"Ryan's prescriptions are difficult to explain and extremely difficult to soundbite," said Greg Valliere, a Washington policy analyst with the Potomac Research Group.

The Democratic Congressional Campaign Committee has rolled out a new campaign video starring actor Martin Sheen - who portrayed a U.S. president in the popular "West Wing" television drama - saying that Republicans "want to sacrifice Medicare in order to give tax breaks to special interests."

The Democratic campaigns immediately sent out press releases in districts where Republicans face tight re-election races to highlight the lawmakers' support of the Ryan plan.

Republican campaign operatives are already working to counter the Democratic onslaught, portraying Obama's status-quo for the program as bankrupting Medicare and the Ryan plan as saving Medicare for future generations.

Andrea Kozek, a spokeswoman for the National Republican Congressional Campaign Committee, said Republican ads also will remind seniors that Obama's healthcare law, derided as "Obamacare," would cut some $500 billion from Medicare through reductions in payments to doctors.

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Comments (8)
abbydelabbey wrote:
Think about this: Ryan firmly advocates and follows the philosophy of Ayn Rand which basically says: Only the rich are “deserving” and the poor are mere parasites who are only fit to serve the rich.

Mar 29, 2012 4:45pm EDT  --  Report as abuse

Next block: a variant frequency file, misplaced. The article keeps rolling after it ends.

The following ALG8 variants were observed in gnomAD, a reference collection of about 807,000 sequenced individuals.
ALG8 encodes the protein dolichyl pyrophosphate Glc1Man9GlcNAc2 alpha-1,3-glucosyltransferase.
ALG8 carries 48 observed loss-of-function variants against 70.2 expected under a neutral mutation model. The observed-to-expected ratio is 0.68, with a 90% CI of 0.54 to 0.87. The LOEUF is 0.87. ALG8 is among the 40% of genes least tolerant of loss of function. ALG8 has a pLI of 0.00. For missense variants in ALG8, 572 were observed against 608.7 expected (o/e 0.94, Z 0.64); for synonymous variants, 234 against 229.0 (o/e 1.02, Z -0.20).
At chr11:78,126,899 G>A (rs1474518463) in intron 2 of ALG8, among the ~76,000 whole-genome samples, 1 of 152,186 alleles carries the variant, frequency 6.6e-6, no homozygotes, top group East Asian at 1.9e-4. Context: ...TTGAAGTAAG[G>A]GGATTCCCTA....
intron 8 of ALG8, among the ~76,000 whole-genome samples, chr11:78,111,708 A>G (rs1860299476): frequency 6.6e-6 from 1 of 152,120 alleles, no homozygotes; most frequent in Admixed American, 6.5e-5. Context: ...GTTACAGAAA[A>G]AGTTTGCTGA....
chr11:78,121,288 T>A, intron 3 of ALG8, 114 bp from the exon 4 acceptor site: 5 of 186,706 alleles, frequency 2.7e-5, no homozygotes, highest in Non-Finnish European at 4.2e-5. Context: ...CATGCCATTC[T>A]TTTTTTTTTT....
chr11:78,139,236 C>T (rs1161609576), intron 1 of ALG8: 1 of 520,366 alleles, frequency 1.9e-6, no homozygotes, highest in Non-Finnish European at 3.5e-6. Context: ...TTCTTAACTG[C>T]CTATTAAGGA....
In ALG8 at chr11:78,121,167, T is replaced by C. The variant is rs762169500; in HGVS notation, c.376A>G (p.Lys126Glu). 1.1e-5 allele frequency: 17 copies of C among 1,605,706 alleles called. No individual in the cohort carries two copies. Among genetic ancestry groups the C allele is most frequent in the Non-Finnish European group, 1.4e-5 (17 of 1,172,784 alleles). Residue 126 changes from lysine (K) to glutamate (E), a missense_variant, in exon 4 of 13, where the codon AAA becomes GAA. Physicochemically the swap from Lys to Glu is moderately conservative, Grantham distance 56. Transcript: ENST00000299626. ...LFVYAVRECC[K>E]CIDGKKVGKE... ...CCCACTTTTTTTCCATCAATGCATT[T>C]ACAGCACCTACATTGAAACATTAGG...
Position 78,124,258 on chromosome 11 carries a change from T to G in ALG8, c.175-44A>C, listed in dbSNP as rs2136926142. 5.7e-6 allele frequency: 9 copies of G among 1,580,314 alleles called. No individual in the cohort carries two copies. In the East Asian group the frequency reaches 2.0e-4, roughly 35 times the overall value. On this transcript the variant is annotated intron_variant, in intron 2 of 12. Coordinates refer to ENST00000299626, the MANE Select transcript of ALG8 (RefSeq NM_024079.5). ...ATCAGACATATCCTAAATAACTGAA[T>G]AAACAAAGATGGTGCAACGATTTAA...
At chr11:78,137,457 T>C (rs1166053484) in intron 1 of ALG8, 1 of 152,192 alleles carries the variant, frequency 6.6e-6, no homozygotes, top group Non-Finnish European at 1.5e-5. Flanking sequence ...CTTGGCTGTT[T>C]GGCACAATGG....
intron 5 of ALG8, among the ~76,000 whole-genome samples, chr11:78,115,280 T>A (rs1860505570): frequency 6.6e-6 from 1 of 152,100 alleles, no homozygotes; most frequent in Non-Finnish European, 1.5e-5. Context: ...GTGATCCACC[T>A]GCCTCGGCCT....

Henry_Stanton wrote:
My family used to be staunchly Republican, but I have seen nearly all of us declare independence, and a few now identify as Democrats. We’re not stupid, and we’re tired of having the futures of our children and gradnchildren whittled away by blatant greed. This budget is just one more example of a party completely out of touch with the needs of our country and the world, and we’re not buying it. I wish more people would look at the actual facts and issues and stop voting for the Red team or the Blue team. You don’t have to be a Democrat or Liberal to realize the Republican Party is doing damage to ordinary people.

Mar 29, 2012 4:52pm EDT  --  Report as abuse
Naksuthin wrote:
I Would be totally in support of Republican’s efforts to cut expenses if they would include the defense department.
Sadly, even though we are winding down two wars and should have plenty of places where defense has been cut, that’s not going to happen. There will be NO PEACE DIVIDEND

The GOP proposal PROTECTS defense spending by undoing a scheduled $55 billion cut in the Pentagon budget, replacing the reduction with cuts elsewhere. Ryan has previously called the scheduled Pentagon cuts — part of the agreement reached in last summer’s Budget Control Act — “devastating to America’s defense capabilities.”

On Thursday, Ryan said senior military officials defending lower Pentagon spending proposals have not been honest. (Ryan practically calls our generals “Liars”)

“We don’t think the generals are giving us their true advice,” he said, accusing them of following an administration line. “I think there is a lot of budget smoke and mirrors in the (administration’s) Pentagon budget, which is not really a true, honest and accurate budget. When you confront military experts — retired or active — they concede these things to us.”

Republicans would compensate for higher defense spending in part by requiring greater federal worker pension contributions and more means-testing of entitlement benefits.

Mar 29, 2012 5:42pm EDT  --  Report as abuse